Private individuals can be sued for a constitutional violation if they conspire with public officials, i.e., police officers, in depriving someone of his rights. This is the exception to the general rule that private actors are not governed by constitutional standards. In this case, the plaintiff recovered damages against a bar which allegedly conspired with the police to violate his rights. The Court of Appeals takes that verdict away.
The case is Demeo v. Tucker, a summary order decided on January 29. Demeo claimed that an officer and a bar bouncer assaulted him at a bar, the Phlip'n Spill. He also says the bar and the officer conspired to destroy video surveillance footage of the assault, in violation of the due process right to access the courts. The jury agreed that the bar conspired with the police officer in this regard, and plaintiff was awarded $110,000 in compensatory and punitive damages.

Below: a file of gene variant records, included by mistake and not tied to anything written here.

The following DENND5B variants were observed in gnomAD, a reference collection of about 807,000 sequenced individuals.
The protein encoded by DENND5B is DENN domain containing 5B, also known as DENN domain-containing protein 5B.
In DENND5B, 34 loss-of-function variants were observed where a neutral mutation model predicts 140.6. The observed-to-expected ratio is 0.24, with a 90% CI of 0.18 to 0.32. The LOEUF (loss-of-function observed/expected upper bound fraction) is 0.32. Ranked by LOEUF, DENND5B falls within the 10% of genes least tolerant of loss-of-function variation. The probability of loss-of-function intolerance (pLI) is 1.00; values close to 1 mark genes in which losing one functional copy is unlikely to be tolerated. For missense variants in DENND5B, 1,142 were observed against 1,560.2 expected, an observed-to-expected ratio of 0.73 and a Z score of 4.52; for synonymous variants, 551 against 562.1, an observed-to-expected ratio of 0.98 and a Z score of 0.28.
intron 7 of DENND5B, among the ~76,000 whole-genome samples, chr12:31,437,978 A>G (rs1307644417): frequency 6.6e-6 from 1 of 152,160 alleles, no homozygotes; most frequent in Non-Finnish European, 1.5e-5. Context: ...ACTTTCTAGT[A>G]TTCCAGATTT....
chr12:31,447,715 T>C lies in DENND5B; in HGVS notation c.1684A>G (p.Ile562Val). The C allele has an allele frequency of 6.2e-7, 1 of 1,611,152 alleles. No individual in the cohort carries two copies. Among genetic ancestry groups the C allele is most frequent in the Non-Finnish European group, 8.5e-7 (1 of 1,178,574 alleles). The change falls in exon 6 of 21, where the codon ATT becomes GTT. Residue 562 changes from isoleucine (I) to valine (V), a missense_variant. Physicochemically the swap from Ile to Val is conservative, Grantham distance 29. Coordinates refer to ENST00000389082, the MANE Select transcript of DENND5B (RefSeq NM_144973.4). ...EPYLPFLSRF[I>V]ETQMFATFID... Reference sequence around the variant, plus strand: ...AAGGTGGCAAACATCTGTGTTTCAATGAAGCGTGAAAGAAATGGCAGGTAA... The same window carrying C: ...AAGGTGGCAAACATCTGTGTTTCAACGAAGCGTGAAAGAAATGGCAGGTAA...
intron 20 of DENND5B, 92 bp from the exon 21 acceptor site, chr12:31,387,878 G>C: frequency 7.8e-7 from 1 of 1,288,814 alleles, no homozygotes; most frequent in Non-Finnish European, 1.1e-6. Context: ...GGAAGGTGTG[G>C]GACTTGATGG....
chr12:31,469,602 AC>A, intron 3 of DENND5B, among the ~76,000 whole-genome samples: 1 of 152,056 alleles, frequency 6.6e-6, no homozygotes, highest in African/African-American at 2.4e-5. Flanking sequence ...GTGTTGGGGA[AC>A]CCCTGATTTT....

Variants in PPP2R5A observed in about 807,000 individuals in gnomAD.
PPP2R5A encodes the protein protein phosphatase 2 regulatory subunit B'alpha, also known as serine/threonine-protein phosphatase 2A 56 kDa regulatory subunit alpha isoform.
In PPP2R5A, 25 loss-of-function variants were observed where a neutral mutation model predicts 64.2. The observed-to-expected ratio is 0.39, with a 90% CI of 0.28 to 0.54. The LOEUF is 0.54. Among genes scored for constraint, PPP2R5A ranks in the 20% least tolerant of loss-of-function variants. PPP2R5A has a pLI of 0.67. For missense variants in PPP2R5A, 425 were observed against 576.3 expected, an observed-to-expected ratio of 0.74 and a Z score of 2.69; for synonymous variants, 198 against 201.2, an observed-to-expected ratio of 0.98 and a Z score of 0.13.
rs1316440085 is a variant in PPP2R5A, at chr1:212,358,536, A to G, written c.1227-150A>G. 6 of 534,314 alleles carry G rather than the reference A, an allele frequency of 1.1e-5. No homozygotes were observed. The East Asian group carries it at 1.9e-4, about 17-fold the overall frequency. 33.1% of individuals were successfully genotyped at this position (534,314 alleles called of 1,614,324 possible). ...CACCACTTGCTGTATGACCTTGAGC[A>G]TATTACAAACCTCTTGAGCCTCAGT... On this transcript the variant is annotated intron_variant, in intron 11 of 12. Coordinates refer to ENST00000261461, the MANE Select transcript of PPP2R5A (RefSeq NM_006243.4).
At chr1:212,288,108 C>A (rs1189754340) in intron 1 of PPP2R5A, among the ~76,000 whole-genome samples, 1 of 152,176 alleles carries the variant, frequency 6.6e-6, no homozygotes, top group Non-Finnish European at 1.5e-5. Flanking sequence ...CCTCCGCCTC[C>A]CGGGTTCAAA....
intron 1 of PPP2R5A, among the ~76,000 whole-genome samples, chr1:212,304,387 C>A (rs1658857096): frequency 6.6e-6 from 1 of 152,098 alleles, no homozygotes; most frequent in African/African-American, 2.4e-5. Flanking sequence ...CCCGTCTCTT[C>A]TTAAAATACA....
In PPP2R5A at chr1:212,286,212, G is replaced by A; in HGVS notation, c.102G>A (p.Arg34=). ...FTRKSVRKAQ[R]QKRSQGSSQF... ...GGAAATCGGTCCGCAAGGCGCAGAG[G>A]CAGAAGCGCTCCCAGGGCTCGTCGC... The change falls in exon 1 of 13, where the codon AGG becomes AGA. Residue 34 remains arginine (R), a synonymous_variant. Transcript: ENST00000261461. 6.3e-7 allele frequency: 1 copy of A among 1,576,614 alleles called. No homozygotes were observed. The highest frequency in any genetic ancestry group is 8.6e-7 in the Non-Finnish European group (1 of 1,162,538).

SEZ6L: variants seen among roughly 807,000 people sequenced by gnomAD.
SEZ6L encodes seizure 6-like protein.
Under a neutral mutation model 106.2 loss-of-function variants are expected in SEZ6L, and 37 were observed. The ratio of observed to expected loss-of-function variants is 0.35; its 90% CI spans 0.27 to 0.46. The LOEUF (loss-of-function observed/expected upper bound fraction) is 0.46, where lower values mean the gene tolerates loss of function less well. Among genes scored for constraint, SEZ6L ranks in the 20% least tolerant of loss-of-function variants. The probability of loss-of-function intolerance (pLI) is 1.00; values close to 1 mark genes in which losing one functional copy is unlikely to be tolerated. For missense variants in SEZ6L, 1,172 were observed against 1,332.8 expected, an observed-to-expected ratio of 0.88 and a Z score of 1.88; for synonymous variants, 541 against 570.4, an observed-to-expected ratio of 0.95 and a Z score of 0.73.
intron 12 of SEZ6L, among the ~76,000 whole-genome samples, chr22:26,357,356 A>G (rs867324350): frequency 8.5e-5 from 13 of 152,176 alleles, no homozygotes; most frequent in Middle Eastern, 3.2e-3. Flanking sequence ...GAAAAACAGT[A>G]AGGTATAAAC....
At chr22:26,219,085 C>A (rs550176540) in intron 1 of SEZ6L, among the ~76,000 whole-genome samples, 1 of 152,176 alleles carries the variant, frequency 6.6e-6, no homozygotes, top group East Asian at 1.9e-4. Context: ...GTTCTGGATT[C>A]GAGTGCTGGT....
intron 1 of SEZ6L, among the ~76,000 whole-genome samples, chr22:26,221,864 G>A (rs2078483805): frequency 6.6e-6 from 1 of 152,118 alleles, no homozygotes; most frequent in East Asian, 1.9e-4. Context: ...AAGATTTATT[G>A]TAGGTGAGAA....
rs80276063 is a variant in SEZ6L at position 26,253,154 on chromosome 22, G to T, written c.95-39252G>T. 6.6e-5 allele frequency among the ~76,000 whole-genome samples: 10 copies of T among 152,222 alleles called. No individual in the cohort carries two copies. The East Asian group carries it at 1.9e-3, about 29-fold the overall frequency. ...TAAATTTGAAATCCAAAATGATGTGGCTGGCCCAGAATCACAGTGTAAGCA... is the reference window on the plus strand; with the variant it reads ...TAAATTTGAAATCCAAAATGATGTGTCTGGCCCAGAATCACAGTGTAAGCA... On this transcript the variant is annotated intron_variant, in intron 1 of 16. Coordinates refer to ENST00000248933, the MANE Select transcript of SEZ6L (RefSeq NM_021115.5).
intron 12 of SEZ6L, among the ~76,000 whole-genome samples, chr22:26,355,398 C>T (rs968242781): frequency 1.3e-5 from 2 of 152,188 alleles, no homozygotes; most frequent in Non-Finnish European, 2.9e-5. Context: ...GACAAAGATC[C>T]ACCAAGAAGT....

As the Court of Appeals (Jacobs, Pooler and Chin) puts it, "the jury concluded that Phlip’N Spill acted as a willful participant in joint activity with Trooper Reyner and deprived DeMeo of due process by altering, destroying, or losing video evidence. However, the jury concluded that Trooper Reyner did not deprive DeMeo of due process by altering, destroying, or losing video evidence." This looks to be an inconsistent verdict. If the officer did not violate plaintiff's rights, then the private actor could not have conspired with the officer to violate his rights.
Trying to save the verdict, the district court post-trial said that the trooper may have encouraged the bar to destroy the evidence. But the Court of Appeals says this is "naked conjecture" for which there is no proof. "It is, quite simply, a fiction." The verdict is gone.